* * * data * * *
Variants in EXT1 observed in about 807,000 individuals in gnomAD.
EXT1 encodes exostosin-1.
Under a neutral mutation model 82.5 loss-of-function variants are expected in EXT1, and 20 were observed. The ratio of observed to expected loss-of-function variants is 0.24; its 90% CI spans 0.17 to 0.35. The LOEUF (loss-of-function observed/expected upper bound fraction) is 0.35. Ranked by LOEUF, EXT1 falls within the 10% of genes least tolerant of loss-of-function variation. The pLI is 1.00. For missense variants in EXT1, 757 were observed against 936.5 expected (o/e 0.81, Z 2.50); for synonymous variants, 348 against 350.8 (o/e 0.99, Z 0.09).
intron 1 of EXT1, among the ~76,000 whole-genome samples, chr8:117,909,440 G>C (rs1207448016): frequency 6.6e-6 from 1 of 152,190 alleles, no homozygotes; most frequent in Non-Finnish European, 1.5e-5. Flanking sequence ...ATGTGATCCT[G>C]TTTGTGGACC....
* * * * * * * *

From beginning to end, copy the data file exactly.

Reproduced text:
Variants in EXT1 observed in about 807,000 individuals in gnomAD.
EXT1 encodes exostosin-1.
Under a neutral mutation model 82.5 loss-of-function variants are expected in EXT1, and 20 were observed. The ratio of observed to expected loss-of-function variants is 0.24; its 90% CI spans 0.17 to 0.35. The LOEUF (loss-of-function observed/expected upper bound fraction) is 0.35. Ranked by LOEUF, EXT1 falls within the 10% of genes least tolerant of loss-of-function variation. The pLI is 1.00. For missense variants in EXT1, 757 were observed against 936.5 expected (o/e 0.81, Z 2.50); for synonymous variants, 348 against 350.8 (o/e 0.99, Z 0.09).
intron 1 of EXT1, among the ~76,000 whole-genome samples, chr8:117,909,440 G>C (rs1207448016): frequency 6.6e-6 from 1 of 152,190 alleles, no homozygotes; most frequent in Non-Finnish European, 1.5e-5. Flanking sequence ...ATGTGATCCT[G>C]TTTGTGGACC....